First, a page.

Maximum likelihood when usual procedure doesn't work

I am trying to get the maximum likelihood estimate for the parameter $$p$$. The distribution is the following:

$$f(x\mid p) = \begin{cases} \frac{p}{x^2} &\text{for} \ p\leq x < \infty \ \\ 0 &\text{if not} \end{cases}$$

The sample has size $$n$$.

The problem is, when I try to estimate it by the procedure I know, I would have to estimate the likelihood function and obtain the derivative of the log-likelihood. We'd have:

$$L(p; x) = \frac{p^n}{\prod_{i=1}^{n} x^2_i}$$ $$\ln L(p;x) = n \ln(p) - \sum_{i=1}^{n} \ln(x_i^2)$$

For the derivative:

$$l'(p;x) = \frac{n}{p} = 0$$

And I am stuck because it has no solution for $$p$$. How do I evaluate this?

Thanks!

EDIT:

So in this case I can use the indicator variable to write:

$$L(p;x) = \frac{p^n}{\prod_{i=1}^{n}x_i^2} I_{(x_i \geq p)}$$

for $$i = 1,2, \ldots n$$ in the indicator variable. So the "closest" non-null value of $$x \in X$$ to $$p$$ is $$min(X_1, \ldots X_n)$$. Is that the point?

• See why differentiation is not valid for other distributions where support depends on parameter: math.stackexchange.com/questions/649678/…, math.stackexchange.com/questions/2944073/…. – StubbornAtom Oct 9 '18 at 20:21
• It would be unwise to say this is the 'usual procedure' since maximum likelihood estimation is not merely about finding critical points of the likelihood function by differentiation. – StubbornAtom Oct 9 '18 at 20:28
• Indeed, the method is about maximizing the likelihood function, not about critical points. Thanks :) – M.Gonzalez Oct 10 '18 at 10:28
• I should explain: I deleted my answer. The reason why is because when $0 < p < 1$, you get a very different answer than when $p > 1$, and I didn't have time to think through the details. Are you provided any restrictions on $p$? – Clarinetist Oct 10 '18 at 12:09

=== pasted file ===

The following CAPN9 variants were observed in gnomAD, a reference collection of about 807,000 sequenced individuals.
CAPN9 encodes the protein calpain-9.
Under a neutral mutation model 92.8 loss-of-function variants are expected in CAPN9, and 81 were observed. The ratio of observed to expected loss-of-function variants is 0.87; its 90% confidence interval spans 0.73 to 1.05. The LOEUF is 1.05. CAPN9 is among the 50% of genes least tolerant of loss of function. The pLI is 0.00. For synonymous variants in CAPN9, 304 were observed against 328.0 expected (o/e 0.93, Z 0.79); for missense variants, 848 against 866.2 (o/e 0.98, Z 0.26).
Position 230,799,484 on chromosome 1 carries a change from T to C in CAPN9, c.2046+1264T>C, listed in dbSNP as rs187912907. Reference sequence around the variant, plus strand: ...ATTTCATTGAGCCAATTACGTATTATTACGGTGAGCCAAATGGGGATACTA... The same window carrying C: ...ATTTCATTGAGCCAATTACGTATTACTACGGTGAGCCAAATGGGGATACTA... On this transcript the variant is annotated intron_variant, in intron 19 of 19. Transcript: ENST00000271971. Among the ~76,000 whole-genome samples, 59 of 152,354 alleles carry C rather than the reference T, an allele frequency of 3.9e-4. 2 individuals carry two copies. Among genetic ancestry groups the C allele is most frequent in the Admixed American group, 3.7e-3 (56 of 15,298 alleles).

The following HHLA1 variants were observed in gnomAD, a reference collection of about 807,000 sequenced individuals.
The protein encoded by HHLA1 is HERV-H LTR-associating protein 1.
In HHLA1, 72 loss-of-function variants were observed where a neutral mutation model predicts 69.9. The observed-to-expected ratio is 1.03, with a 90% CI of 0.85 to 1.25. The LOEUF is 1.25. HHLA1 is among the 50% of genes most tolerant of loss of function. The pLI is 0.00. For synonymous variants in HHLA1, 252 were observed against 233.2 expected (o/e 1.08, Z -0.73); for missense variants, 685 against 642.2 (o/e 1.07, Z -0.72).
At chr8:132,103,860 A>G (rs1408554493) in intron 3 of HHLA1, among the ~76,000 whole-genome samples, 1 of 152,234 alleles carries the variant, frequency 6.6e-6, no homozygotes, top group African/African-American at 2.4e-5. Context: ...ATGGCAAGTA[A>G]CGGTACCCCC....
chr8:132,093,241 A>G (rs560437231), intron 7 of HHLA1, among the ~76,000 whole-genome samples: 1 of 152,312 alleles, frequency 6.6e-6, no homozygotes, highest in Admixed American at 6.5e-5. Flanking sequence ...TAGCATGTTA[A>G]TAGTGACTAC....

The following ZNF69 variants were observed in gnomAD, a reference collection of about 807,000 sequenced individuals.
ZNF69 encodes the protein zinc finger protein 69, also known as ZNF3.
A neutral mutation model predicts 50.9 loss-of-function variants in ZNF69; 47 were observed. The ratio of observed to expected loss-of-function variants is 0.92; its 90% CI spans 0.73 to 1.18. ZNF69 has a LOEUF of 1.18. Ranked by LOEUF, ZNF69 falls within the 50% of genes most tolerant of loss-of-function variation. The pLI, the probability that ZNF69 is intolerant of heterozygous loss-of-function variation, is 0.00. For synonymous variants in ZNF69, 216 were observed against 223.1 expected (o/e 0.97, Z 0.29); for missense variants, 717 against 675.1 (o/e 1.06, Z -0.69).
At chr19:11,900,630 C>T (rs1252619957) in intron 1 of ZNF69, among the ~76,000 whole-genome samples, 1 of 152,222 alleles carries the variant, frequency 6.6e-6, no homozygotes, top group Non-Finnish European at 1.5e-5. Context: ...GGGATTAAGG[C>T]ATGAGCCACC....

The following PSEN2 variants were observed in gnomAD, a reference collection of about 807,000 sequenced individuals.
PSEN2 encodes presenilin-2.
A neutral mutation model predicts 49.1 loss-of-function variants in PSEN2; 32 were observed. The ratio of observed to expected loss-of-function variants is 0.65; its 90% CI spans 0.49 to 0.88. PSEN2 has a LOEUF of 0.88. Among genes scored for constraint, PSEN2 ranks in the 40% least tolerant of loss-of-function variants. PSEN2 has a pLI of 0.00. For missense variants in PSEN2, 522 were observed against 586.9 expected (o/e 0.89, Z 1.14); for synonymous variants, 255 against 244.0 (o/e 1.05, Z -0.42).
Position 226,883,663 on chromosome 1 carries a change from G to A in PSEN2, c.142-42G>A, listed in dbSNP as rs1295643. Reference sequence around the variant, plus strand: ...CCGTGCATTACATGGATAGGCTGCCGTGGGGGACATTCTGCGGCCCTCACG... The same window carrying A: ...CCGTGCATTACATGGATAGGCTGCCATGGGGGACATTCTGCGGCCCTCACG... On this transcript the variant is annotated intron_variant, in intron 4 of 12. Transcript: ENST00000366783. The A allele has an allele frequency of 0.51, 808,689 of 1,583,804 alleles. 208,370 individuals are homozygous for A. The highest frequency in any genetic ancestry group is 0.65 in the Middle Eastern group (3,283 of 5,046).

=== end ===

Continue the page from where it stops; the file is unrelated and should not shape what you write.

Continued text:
• @M.Gonzalez StubbornAtom is actually correct. If you're setting the derivative equal to $0$, what you are doing is you are finding critical points of the likelihood function by differentiation. – Clarinetist Oct 10 '18 at 12:14

The usual method does not work well when the support of the random variable (in this case, $$[p, \infty)$$) depends on the parameter of interest (which is $$p$$ in this case).

In these situations, you should use indicator functions. Let $$\mathbf{I}$$ denote the indicator function, defined by $$\mathbb{I}(\cdot) = \begin{cases} 1, & \cdot \text{ is true} \\ 0, & \cdot \text{ is false.} \end{cases}$$ Thus, we may write $$f(x \mid p) = \dfrac{p}{x^2}\mathbf{I}(p \leq x)\text{.}$$

(Please read this other answer for details that I will leave unproven here, and for a similar problem to this one.)

Per the link I've put above, you can see that $$L(p \mid \mathbf{x}) = \prod_{i=1}^{n}\dfrac{p}{x_i^2}\mathbf{I}(p \leq x_i)=\dfrac{p^n}{\prod_{i=1}^{n}x_i^2}\mathbf{I}(p \leq x_{(1)})$$ where $$x_{(1)} = \min\limits_{1 \leq i \leq n}x_i$$.

Viewing this as a function of $$p$$, note that if $$p > x_{(1)}$$, then $$\mathbf{I}(p \leq x_{(1)}) = 0 = L(p \mid \mathbf{x})$$, which is obviously not the largest value of $$L$$.

Thus, assume $$p \leq x_{(1)}$$. Disregarding constants of proportionality with respect to $$p$$ (which do not affect the actual maximum likelihood estimator), we obtain $$L(p \mid \mathbf{x}) = \dfrac{p^n}{\prod_{i=1}^{n}x_i^2}\mathbf{I}(p \leq x_{(1)}) \propto p^n\text{.}$$

As long as $$p > 0$$, we know that $$p^n$$ (for $$n$$ fixed) is indeed a monotonically increasing function of $$p$$. Thus, to maximize $$p^n$$, we must seek the largest value of $$p$$. Note that to get to this point, we had to assume $$p \leq x_{(1)}$$. It follows that $$\hat{p}_{\text{MLE}} = X_{(1)}$$ is the maximum likelihood estimator of $$p$$.

• Shouldn't it be $L(p \mid \mathbf{x}) = \prod_{i=1}^{n}\dfrac{p}{x_i^2}\mathbf{I}(p \leq x_i)=\dfrac{p^n}{\prod_{i=1}^{n}x_i^2}\mathbf{I}(p \leq x_{(1)})$ ? – N74 Oct 9 '18 at 20:27
• @N74 Really terrible typo on my part, thank you! – Clarinetist Oct 10 '18 at 1:17
• @Clarinetist: thank you so much! The solution is now very clear to me :) – M.Gonzalez Oct 11 '18 at 20:06
• @M.Gonzalez If this answer was helpful for you, please consider clicking the checkmark. Glad to help! – Clarinetist Oct 12 '18 at 12:15